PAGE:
I got a Crucial M4 512GB SSD as my OS drive. Street price is roughly $350 if you know where to look. You can't get this price and performance in any Apple upgrade. I also have a 7200 rpm HDD in the main drive.

Internal Storage Speeds.

The SSD produces an average 512 MB/s read and 250 MB/s writes. This is smoking fast.
Boot times takes less than 8 seconds. Photoshop CS5 and Lightroom starts up in less than 2 seconds. Cycling through 100 20MB Raw Image files is buttery smooth. Again, CPU processing doesn't matter for my needs but with fast I/O, you can clearly see the benefits. Couple with 16GB of RAM, I can now open 5-10 Gigabyte TIFF files with ease that even my old Mac Pro struggles with.

Now for the Seagate Hybrid 750 Momentus XT hard drive. This is a 7200 rpm Hybrid drive with a 32MB SSD cache. Retail is $179 but if you hang out on slick deals and discount forums, you can find them for $80 street price if you know where to look. If I didn't have a few SSDs lying around, I'd probably use this as my primary drive. It is probably overkill for my needs as it is mostly for storing music and videos.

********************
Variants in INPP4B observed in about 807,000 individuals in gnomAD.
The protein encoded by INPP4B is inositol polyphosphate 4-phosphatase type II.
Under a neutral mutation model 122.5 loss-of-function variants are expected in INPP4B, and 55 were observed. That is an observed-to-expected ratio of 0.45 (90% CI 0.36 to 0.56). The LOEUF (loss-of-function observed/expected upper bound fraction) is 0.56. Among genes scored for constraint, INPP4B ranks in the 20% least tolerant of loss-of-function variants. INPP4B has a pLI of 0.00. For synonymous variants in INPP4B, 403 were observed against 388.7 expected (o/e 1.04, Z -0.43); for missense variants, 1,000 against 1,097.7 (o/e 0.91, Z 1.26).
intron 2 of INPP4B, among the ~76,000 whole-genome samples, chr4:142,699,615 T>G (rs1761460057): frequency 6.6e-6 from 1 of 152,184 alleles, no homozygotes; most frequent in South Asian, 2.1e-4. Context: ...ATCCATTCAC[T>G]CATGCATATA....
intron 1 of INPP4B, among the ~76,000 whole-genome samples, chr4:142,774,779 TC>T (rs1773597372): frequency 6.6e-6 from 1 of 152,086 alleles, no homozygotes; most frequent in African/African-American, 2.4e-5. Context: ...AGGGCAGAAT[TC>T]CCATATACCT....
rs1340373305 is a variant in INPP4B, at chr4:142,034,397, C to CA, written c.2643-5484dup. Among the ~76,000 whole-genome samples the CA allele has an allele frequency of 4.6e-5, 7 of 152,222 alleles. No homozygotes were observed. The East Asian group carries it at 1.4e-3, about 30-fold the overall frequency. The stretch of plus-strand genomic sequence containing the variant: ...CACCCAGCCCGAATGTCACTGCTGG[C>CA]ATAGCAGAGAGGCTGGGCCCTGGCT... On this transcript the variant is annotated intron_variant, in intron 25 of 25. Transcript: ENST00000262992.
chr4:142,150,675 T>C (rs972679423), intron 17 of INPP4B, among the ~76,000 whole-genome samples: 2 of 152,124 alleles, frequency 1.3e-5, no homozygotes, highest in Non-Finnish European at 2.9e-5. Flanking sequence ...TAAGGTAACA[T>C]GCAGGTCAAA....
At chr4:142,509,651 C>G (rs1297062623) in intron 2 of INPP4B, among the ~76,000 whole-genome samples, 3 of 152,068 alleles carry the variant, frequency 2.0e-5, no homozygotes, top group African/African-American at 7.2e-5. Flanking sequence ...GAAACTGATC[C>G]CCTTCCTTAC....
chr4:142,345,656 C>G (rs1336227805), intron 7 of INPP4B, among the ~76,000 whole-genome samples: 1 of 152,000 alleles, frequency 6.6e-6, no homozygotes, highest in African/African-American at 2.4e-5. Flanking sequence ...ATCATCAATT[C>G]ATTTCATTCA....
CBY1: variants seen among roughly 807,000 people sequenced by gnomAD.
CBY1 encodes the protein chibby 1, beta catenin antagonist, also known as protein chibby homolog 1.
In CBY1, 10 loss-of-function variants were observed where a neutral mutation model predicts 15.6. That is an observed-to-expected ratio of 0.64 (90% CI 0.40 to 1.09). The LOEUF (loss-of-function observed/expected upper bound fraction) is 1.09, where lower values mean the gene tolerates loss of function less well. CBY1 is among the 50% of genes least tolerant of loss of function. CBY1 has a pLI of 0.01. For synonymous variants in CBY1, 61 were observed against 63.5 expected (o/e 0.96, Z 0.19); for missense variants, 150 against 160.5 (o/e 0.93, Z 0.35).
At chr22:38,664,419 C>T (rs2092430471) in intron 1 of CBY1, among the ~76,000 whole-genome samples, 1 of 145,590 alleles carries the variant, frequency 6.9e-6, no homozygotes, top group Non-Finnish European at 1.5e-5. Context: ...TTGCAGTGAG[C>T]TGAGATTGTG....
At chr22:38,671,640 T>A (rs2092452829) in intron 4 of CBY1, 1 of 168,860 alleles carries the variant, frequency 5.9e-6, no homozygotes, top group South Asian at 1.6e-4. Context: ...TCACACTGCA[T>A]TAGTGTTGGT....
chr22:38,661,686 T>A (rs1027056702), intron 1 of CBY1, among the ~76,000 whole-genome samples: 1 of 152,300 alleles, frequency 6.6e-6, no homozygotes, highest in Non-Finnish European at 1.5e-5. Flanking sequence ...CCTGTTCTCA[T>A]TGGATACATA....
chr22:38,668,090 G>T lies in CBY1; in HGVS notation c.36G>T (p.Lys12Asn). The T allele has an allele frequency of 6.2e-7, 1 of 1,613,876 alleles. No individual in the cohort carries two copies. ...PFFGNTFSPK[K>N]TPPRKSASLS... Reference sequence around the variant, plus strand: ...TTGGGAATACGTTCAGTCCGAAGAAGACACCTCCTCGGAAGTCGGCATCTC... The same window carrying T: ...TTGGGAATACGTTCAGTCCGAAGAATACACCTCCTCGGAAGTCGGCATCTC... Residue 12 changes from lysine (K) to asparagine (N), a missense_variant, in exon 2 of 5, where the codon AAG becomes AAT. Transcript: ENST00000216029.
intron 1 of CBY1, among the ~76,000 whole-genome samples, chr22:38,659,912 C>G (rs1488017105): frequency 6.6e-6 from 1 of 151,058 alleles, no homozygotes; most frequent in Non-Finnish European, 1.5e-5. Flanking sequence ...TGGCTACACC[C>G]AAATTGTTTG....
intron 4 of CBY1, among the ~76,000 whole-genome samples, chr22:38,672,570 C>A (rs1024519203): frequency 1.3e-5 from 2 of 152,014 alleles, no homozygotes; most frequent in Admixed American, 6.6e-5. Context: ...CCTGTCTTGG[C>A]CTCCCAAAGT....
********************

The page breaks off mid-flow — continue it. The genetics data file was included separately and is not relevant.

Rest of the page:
When you are used to SSD, HDD benchmarks aren't so impressive any more. Still, this clocks better than 80% of the users out there still using 5400/7200 rpm drives. It clocks in at 108 MB/s read and 104 MB/s writes. My old 2009 Macbook with a 7200 rpm drive and SATA (1 or 3) interface could only muster 80MB/s.

External Drive Speeds

Now for the external drive speed observations. How does USB 3 fare? Well, I decided to find out using a Crucial M4 128GB SSD w/ SATA 6. I've tested this drive and normally get 500MB/s reads when plugged in internally. I am also using another Seagate Momentus HDD for the external HDD comparison. All the devices will be connected via Go Flex SATA controller adapters.